Shai Winn, nine, has spent her whole life being fed by a tube after she was born with a rare condition.
Shai, who was born prematurely at 31 weeks, had a "V-shaped pocket" at the back of her throat – known as laryngeal cleft.
The cleft means she has a hole between her voice box and food pipe – which means food or drink can pass into her airway.
Mum Lindsey Bidwill, 40, started a charity to raise awareness of the condition.
But when she went to upload a photo of Shai smiling with her food tube, to the charity's Facebook page, Shai's Smile, she was told it was " shocking, sensational or excessively violent".
The 40-year-old immediately appealed the decision, which was rectified about 20 minutes later.
'It's absolutely shocking'
She said: "I was just shocked.
"Even if it was a robot it is just not on.
"Some of the stuff on Facebook is absolutely shocking so I couldn't believe they didn't let me post a picture of my daughter."
Lindsey said she didn't tell Shai what had happened, adding "she would have been really upset".
Rare condition means drinking water could kill her
Shai's condition is so unique that doctors have put her forward for genetic testing.
As well as her laryngeal cleft, Shai suffers a host of other health problems that mean even brushing her teeth, going swimming and drinking water could prove fatal.
She suffers aspiration pneumonia, where you inhale food, stomach acid or saliva into the lungs, as well as oesophageal dysmobility, a spasm-type pain when swallowing, and gastroparesis or stomach paralysis.
Shai spends 17 hours a day hooked up to a machine which feeds her.
A rare condition that can prove fatal
A LARYNGEAL cleft is where a child is born with an abnormal opening between the voice box and oesophagus.
When a child's larynx – voice box – develops normally, it is completely separate from the oesophagus.
This means swallowed food travels directly to the stomach.
But where a child has a laryngeal cleft food and liquid can pass through the hole from the voice box into the lungs.
This can cause eating and breathing issues – and can prove fatal.
The first signs your child has the condition will often be if he or she struggles to swallow, according to experts at Boston Children's Hospital.
Other symptoms include:
- frequent chest infections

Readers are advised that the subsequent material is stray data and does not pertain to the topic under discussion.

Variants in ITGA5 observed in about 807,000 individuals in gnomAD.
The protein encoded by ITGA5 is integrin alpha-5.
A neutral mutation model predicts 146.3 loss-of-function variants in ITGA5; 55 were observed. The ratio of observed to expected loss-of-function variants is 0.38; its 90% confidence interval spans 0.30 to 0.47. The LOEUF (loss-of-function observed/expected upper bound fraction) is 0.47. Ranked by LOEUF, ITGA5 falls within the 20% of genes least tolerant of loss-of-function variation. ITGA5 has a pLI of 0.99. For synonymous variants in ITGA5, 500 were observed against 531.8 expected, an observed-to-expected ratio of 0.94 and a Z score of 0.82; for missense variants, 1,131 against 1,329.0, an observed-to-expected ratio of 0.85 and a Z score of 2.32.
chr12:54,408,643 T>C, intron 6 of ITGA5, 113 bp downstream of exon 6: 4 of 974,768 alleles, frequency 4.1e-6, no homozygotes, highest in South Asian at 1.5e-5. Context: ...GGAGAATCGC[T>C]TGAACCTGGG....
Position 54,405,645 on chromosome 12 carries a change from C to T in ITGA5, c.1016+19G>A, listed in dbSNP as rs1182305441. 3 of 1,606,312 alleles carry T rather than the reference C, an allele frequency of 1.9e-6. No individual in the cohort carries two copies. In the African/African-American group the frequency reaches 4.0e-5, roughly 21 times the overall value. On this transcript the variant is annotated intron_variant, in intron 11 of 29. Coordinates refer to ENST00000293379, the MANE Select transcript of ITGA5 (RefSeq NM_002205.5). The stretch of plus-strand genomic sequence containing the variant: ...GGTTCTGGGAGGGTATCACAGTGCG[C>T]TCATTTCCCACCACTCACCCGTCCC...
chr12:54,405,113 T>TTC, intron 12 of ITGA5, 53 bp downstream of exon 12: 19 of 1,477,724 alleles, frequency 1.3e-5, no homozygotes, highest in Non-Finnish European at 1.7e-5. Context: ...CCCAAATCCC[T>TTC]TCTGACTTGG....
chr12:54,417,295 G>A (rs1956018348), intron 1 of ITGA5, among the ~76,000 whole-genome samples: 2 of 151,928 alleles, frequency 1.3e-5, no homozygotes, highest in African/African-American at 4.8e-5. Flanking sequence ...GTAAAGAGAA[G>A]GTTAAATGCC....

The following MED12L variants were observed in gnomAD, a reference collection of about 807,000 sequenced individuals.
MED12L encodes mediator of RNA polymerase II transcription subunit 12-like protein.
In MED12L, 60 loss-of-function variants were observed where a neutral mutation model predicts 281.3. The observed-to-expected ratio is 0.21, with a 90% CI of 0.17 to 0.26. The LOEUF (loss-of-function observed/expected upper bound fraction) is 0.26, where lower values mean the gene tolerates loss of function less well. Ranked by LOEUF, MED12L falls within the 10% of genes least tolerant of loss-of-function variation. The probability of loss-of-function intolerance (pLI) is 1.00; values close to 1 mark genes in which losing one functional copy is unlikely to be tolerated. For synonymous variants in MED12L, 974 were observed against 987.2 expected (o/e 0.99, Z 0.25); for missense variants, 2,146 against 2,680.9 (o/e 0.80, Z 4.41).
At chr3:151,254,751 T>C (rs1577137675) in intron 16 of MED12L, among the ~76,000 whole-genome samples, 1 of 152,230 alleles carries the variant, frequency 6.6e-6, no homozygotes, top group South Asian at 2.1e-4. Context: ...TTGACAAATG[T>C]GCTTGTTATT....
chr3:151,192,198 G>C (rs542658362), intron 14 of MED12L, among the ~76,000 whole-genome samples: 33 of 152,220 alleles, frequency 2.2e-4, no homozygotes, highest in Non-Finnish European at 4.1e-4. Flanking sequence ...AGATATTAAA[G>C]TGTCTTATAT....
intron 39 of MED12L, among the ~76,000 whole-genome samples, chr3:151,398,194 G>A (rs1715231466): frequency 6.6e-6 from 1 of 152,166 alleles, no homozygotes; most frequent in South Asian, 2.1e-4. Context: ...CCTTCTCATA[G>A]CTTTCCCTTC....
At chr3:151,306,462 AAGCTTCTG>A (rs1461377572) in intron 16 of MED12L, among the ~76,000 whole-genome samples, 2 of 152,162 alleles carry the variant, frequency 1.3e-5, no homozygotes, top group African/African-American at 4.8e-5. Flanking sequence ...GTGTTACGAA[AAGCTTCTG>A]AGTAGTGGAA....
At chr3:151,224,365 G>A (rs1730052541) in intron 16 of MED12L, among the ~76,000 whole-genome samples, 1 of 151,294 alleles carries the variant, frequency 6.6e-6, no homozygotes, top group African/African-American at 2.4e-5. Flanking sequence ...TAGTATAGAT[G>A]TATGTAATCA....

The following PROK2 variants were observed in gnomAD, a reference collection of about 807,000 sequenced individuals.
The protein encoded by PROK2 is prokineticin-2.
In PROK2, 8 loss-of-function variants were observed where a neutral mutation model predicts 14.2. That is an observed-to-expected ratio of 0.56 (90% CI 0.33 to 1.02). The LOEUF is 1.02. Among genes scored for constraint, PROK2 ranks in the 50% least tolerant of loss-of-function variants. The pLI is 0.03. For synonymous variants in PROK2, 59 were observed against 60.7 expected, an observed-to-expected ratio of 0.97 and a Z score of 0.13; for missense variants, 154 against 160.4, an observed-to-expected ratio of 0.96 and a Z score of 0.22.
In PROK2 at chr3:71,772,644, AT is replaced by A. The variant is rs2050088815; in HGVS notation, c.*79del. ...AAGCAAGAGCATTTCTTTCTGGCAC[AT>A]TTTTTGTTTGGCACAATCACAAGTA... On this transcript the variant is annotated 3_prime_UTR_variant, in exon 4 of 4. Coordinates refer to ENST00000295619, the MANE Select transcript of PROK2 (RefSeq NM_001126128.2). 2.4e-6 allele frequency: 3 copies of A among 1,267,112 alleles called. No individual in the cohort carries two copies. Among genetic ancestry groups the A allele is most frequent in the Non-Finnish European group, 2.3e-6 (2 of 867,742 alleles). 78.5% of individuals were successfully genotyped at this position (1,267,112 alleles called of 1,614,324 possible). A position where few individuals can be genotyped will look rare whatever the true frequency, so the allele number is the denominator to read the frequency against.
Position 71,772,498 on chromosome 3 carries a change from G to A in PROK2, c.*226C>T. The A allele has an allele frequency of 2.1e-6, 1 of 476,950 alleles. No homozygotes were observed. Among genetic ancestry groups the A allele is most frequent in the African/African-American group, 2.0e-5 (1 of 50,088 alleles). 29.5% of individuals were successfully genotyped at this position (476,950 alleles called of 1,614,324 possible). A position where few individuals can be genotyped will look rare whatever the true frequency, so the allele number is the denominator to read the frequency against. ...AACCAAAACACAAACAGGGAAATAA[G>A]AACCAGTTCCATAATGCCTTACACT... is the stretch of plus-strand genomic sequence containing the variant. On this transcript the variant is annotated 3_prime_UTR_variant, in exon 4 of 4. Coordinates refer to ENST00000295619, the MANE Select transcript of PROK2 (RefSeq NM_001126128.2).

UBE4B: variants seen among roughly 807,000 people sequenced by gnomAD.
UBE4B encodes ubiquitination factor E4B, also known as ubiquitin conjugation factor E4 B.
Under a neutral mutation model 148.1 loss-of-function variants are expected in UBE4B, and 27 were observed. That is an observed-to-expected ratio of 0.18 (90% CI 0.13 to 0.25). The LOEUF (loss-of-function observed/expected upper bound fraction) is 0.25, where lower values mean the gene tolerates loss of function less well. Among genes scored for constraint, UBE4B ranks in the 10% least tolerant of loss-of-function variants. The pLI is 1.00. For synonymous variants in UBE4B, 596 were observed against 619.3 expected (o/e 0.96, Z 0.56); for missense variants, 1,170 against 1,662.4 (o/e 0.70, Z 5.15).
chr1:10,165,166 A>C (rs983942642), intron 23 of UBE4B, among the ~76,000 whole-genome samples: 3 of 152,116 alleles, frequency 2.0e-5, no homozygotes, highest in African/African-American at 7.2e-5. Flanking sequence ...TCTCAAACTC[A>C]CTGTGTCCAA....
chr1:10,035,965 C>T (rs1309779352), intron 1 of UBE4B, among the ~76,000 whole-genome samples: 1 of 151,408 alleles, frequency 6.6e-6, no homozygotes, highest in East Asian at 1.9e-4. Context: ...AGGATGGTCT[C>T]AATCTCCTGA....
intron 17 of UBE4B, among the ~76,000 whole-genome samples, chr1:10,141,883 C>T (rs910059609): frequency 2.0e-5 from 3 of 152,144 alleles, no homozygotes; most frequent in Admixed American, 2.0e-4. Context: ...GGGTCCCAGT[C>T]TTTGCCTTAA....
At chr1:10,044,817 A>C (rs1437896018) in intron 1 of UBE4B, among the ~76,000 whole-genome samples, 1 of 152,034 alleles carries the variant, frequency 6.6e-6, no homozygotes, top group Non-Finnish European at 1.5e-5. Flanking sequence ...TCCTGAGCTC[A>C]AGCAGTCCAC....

The condition is congenital and is present at birth.
The cleft – or abnormal opening – happens in the earliest stages of pregnancy, but experts do not yet know why.
This can interfere with Shai's schooling and means she's not able to have sleepovers at her friends' houses.
Shai also can't go out with her school friends at lunch and has to spend her time playing inside on a laptop.
Lindsey said: "She's been really down lately.
"She's got one friend called Finley who also gets fed by a tube and they're really a lifeline for each other.
"She said 'Mummy I only feel normal when I'm with Finley."
Hope for Shai
Shai is having a surgery later this year to try and fix her laryngeal cleft but even if the risky operation goes well, she'll still need to be fed by tube.
The rest of Shai's family sometimes struggle but they are all very protective of her and "worship the ground she walks on".
Her two older brothers, Reef and Samuel, and her older sister, Elaine, all pitch in to look after Shai but Lindsey says it sometimes means they miss out on family outings.
Her father, Richard, finds it hard that he has to work to pay the bills but misses out on spending time with Shai.
Lindsey said: "Shai wanted Daddy to come with her to hospital.
"My husband has to pay the bills and it's hard because she wants Daddy to be there but he can't."
Lindsey now works part time for Little Urchins Photography and Richard is a self-employed carpenter.
Shai's Smile has raised £20,000 which Lindsey wants to put toward a party for other "tubies" – the term used for people who are fed by tube.
Lindsey says the "tubie world" is a lonely one and she wants to create a party which doesn't revolve around food to let the children connect.
Facebook have been approached for comment.
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